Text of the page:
4 But when Jesus heard about it he said…it happened for the glory of God so that the Son of God will receive glory from this.”
Did you catch that? Not just the reason, but also the response of Lazarus pain isn’t because Lazarus wasn’t close to Jesus, because Lazarus was literally as close to Jesus as anyone else, but it all happened “for the Glory of God.” The reason for this pain, and the expected response was so that way Jesus will receive glory through this unfortunate mess.
To even further his point Jesus tells his disciples, who openly struggle with their faith at times, that they will “really” believe because of what Lazarus is going through.
And understandably so, people are upset about what is going on with Lazarus, the man that many of them deeply cared for. Mary even tried to transfer blame to Jesus when through her anger and tears she says: “Lord, if only you had been here, my brother would not have died.” But,
33 When Jesus saw her weeping and saw the other people wailing with her, a deep anger welled up within him, and he was deeply troubled.
And I have spent a lot of time thinking and looking for the reasons that maybe Jesus was angry in these moments, but then later the Bible even states that he wept through this moment as well. And it seems to me that the reason that Jesus puts so much emotion into his response is because in just a matter of a few days, people have already forgotten why they are going through this. And if you remember, Jesus already said:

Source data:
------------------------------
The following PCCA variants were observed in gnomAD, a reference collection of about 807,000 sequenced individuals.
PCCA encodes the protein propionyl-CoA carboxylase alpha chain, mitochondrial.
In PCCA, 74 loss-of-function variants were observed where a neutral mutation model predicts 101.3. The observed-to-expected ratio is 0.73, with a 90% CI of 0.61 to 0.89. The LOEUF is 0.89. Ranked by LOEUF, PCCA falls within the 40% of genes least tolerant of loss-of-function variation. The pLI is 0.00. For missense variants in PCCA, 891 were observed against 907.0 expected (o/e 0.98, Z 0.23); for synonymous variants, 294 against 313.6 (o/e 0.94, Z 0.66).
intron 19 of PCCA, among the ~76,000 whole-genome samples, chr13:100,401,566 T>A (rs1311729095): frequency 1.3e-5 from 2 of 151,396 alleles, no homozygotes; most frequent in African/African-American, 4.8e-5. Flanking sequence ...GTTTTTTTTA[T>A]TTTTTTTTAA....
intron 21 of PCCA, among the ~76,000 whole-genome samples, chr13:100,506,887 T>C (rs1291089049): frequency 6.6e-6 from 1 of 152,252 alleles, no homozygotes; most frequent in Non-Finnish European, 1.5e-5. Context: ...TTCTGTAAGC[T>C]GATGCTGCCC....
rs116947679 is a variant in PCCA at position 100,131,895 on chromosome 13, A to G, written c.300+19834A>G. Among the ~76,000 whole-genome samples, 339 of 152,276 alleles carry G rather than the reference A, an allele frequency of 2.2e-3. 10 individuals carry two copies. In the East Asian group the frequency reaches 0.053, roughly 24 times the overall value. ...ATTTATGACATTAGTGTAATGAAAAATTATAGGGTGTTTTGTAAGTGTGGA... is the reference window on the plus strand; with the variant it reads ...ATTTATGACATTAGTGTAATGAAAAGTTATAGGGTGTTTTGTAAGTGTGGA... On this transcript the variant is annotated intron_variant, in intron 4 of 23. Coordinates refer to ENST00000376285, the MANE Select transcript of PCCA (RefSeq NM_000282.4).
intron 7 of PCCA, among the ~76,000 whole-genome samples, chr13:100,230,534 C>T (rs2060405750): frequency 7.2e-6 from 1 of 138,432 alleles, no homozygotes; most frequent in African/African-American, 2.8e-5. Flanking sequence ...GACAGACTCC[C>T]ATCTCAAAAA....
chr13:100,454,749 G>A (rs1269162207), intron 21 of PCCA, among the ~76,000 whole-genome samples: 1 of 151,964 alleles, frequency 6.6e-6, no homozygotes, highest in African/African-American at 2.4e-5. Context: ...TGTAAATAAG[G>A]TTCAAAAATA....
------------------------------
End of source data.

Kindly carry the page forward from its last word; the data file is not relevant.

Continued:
4 …it happened for the glory of God so that the Son of God will receive glory from this.”
And I think that in our pain we can often forget this as well. I think we can often settle for asking the question “why me”, when in reality, Jesus is desperately trusting us with such a large responsibility, to have purpose in our pain, that our response could be “why not me?”
Why wouldn’t Jesus trust us to make him famous through our mess?
Why wouldn’t Jesus ask us to bring about an incredible light through our darkest times?
Why wouldn’t Jesus give us the opportunity to swim against the grain in the moments when everyone else is questioning?
Why wouldn’t Jesus allow us to use His power to declare to everyone else that we still have purpose amidst our pain?
Out of everyone in the world, why not us? Why wouldn’t we be the ones to use our pain to bring God glory?
Because even in the midst of our worst fears and most painful moments, God is still willing to use us. He hasn’t abandoned us and He certainly hasn’t given up on us. It seems, in fact, that He is calling on us.
28 And we know that God causes everything to work together for the good of those who love God and are called according to his purpose for them.
No matter what it is you are going through, God has not left you. He is just as much for you, He hurts and weeps with you, but He has granted you with a larger responsibility. He may not have created your pain, but He has given you purpose in it.
I am thankful for you. You who wake up and choose to battle when you feel like giving up. You who are faithful to the cause of Christ even when you are walking through tough times. You who have the ability to change the world by allowing your faith to be lived out despite your fear.
You are my heroes, whoever and wherever you are. Keep fighting, you have purpose beyond your wildest imagination.